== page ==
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Expected losses

I went camping over the weekend. Away from the news for three days. From what I’ve seen of this morning, most of it was bad. Very bad. People died. Many people died for being in the wrong place at the wrong time, their deaths seem somehow more tragic because they were so completely unexpected. Madness which turns a troubled soul towards the destruction of others is always shocking. We try to make sense of it after the fact, piecing together all the red flags we missed leading up to the tragedy so that it doesn’t happen again, all the while conceding to the sad fact that it probably will.

Madness which turns a troubled soul towards its own destruction is rarely shocking. Singer/songwriter Amy Winehouse was found dead in her home on Saturday. The official cause of death has not been released pending autopsy, but I doubt there is anyone who has ever heard of her who assumes it wasn’t drug and/or alcohol related. Her addictions were well documented and played out in front of the world, her talent overshadowed by our fascination with her self destruction.

Amy Winehouse, dead at 27 years of age to no one’s surprise. Perhaps that’s the saddest element of her death.

The death of Osama bin Ladin

My friend Billy Coffey wrote a very eloquent post today about the death of Osama bin Laden. This one won’t be nearly as eloquent.

I awoke Monday morning to a strange question from my husband, who was already dressed and heading out the door:

“Have you checked Twitter this morning? What are they saying?”

“What are they saying about what?” I said.

“They got him. Special Ops took out bin Laden. He’s dead.”

My first reaction? Relief.

Was I happy he was dead? Absolutely.

I turned on the television and saw people celebrating in Time Square and outside the White House. I can’t say I was completely comfortable with seeing these images, but I also understood that the death of Osama bin Laden was a victory for the United States. A big one. On Twitter, I saw some tweets comparing Americans celebrating the death of bin Laden to the images of celebrations in the Middle East when news of the Twin Towers burning got to them. I disagree with that assessment:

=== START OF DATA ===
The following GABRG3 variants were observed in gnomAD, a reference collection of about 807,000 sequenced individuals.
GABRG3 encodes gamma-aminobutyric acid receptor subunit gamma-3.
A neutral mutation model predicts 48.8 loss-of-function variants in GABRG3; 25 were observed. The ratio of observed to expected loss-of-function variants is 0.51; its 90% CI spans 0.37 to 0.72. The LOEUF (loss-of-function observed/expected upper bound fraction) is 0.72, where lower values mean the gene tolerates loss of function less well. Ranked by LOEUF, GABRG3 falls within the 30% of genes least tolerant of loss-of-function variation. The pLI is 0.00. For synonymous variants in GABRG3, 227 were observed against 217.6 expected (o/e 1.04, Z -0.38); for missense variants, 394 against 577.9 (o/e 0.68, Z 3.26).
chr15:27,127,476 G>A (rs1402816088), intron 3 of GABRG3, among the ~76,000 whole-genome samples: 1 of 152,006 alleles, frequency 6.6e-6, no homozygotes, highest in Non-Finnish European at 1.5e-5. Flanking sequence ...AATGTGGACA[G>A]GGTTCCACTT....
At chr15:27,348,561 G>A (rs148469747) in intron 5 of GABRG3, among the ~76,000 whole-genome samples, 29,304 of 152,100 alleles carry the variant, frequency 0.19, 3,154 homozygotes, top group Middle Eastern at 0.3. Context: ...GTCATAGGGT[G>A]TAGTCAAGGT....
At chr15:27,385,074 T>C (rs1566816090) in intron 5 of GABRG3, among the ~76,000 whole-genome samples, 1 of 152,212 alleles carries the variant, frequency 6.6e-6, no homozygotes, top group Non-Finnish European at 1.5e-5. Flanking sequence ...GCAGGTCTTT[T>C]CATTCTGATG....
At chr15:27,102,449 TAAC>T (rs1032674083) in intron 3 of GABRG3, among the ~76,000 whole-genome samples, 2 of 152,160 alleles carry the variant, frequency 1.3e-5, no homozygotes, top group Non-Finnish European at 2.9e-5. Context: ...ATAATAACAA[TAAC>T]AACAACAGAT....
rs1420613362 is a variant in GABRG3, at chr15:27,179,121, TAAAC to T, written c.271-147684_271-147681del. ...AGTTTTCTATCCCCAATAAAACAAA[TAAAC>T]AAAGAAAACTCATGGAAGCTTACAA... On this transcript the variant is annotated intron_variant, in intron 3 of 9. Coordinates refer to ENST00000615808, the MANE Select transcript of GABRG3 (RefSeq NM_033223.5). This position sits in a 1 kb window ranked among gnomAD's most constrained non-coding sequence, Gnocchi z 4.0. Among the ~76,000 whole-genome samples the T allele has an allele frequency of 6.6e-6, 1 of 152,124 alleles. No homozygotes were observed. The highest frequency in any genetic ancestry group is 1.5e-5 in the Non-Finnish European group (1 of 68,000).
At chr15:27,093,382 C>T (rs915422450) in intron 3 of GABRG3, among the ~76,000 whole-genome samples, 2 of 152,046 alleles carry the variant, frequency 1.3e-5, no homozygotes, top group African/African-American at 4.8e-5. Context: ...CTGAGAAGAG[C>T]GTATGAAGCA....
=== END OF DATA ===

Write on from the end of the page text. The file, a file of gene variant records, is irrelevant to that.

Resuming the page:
Celebrating the successful execution of a planned military strike against a long sought after enemy is not the same as celebrating the death of 1000’s of innocent people. #BinLadenDead – @katdish

Perhaps I should mourn his death; be saddened as a Christian because based on my faith I believe one of God’s children will spend eternity in hell.

But I don’t and I’m not.

He chose evil. He was not executed. According to news briefings from the White House Monday, he was shot in the head while engaged in battle against an elite Special Ops team. He was given the opportunity to surrender. Instead, this mass murderer chose to resist. According to one White House official, he used one of his wives as a human shield against the soldiers’ bullets to no avail. She was also a casualty.

In the end, this man responsible for the deaths of thousands of people, this man who encouraged young men to die in the name of Allah, this man who only valued one life–his own, died as he lived.

As a coward.

May God have mercy on his soul.

As for me, I will not mourn his death. The world is a better place without him in it. Instead, I will mourn the deaths of his victims and the brave men and women who paid the ultimate sacrifice for our freedom and the freedom of others around the world. People who lived and died with honor.

(I don’t expect everyone to agree with my sentiments here. This is simply an honest expression of my view of these events.)

On writing, righting and apathy

image from

The above photo depicts a brutal form of execution known as necklacing, carried out by forcing a rubber tire, filled with petrol, around a victim’s chest and arms, and setting it on fire. The victim may take up to 20 minutes to die, suffering severe burns in the process. The practice became a common method of lethal lynching during disturbances in South Africa in the 1980s and 1990s.

Photojournalist Kevin Carter was the first to photograph a public execution by necklacing in South Africa in the mid-1980s. He later spoke of the images: